Publishing Brands

In response to “Sifting Through All These Books” by Hugh McGuire. 2010.


In the online blogging world, similar blogs are linked together by those who produce them for the purpose of discoverability. If you like this one blog, you will probably also be interested in another blog that they have linked to because the writer believes that their blog is similar to that other one (or that the other one is of good quality, approaches interesting questions, talks about important subject matter, ect.). In order to reproduce this in the real-life-publishing-world, perhaps publishing houses should focus on promoting their brand as a whole.

Publishing Houses have started doing this when they started promoting their books through social media, as different publishing houses have different Twitter handles and Facebook pages…although it appears that they are primarily focussing on the books themselves. Hear me out, obviously they want to promote their new books being launched. But what if they did this in the context of what is on their backlist? Not just, hey this is a great new book, lets get some good reviews for it by newspapers and that will be endorsement enough. What if they focussed on how they are a well respected publishing house and this is their new book? They have a reputation of putting out good quality books so this new one is also probably be good quality. Shouldn’t the fact that a well respected publishing house published the book be an endorsement for the book?


For example: when a new David Suzuki book comes out, Greystone Books does not have to work very hard to sell it to their fans. It is generally known (by the avid readers of David Suzuki) that Greystone Books publishes Suzuki’s books. But when they publish other environmental books, should Greystone publicize how these new books fit into their list? Should the launches of Terra Preta and Slick Water ( both non-fiction books on environmental controversies) be positioned as being published by the publishing house that publishes David Suzuki? It seems like a good marketing idea; they may not be written in exactly the same tone or the same environmental issue – but if Greystone believes in the book enough to publish it, is that not a huge endorsement? It seems reasonable to believe that if one reader liked Slick Water, then they will probably also be interested in The Big Picture and Climate Cover-Up because they are also non-fiction titles on environmental issues of similar quality.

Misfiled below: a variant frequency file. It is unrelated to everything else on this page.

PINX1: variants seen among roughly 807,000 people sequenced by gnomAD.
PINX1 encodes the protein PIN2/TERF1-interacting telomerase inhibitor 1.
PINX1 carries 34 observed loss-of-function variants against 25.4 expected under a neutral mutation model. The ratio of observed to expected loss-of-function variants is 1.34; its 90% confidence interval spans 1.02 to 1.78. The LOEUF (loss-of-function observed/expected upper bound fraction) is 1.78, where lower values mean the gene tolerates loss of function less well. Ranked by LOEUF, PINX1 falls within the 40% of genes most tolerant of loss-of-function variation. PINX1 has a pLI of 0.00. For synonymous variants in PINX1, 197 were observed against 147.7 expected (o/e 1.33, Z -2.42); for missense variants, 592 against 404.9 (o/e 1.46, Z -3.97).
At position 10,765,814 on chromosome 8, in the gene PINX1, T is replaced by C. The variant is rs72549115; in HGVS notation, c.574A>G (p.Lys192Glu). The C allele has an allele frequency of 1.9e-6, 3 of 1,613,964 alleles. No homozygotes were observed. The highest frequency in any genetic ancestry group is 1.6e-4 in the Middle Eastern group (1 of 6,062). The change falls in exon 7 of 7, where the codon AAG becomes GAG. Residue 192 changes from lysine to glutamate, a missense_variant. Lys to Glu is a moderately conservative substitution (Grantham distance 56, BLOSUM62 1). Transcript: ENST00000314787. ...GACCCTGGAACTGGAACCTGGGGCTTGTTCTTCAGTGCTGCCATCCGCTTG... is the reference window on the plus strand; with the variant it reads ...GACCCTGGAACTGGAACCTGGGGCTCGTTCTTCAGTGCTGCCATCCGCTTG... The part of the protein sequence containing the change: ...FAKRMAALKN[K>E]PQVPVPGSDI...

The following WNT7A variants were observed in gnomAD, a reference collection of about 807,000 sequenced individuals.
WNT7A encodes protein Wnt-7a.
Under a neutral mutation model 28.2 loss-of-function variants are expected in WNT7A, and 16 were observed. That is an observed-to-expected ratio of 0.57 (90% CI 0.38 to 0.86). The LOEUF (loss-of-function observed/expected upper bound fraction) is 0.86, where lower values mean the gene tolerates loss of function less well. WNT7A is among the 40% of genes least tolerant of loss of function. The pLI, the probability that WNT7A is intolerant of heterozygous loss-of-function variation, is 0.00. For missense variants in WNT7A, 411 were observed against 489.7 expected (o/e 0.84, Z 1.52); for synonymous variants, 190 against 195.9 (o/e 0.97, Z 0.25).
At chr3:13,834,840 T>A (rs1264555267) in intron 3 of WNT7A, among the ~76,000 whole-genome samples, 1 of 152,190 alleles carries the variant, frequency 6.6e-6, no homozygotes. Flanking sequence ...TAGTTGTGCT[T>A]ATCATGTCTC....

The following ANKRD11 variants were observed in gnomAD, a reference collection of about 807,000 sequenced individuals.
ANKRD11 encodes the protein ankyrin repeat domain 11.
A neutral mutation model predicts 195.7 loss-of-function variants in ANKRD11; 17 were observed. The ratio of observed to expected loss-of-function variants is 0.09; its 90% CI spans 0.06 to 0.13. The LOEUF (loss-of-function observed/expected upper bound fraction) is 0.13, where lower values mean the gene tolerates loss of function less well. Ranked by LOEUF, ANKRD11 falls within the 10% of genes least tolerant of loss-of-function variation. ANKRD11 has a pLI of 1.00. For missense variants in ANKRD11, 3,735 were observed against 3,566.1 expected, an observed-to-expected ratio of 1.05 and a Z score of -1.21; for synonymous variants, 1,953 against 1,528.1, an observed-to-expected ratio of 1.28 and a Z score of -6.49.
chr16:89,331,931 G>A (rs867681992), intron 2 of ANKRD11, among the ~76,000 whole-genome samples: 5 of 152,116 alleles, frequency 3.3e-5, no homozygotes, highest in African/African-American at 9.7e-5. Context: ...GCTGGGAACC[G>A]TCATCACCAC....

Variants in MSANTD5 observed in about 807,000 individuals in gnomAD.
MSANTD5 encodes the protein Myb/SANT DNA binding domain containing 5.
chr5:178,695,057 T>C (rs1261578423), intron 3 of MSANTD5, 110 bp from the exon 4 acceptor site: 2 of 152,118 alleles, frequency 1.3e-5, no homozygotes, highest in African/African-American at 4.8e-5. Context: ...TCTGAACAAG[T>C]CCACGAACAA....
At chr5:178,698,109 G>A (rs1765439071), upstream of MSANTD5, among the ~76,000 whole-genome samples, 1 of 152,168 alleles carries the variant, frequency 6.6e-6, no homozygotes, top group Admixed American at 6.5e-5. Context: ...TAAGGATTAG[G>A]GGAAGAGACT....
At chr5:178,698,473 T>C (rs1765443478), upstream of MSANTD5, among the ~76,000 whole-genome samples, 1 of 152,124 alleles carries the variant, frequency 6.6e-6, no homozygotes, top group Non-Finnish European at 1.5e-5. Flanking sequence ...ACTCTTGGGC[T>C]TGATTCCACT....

For the everyday reader  (the ones that buy books as a form of entertainment) the brand of the publisher may not be very important. But for the readers who read because they love books, publisher brands could prove to be very important. It would be capitalizing on the same concept that blogs linking together used; if you liked this, you will probably like this because I endorse it. This is the same concept Kobo uses in their curated recommendation lists, just based on the publishing house instead of the subject manner. Publishers work diligently to build a cohesive and quality list based around their mission statement – perhaps it is time that this hard work was utilized in the marketing plan.

One Reply to “Publishing Brands”

  1. This response brings up what seems like a reasonable idea. Publishers already set up imprints to create a cohesive list of titles, but the branding of the imprint is not typically used as a way of helping readers discover content. While the point comes across well, it would have been great to have seen it linked a little more explicitly with the reading which it is responding to. Similarly, I think the message and idea would have come across more clearly had it been written in a slightly more formal (less conversational) style.

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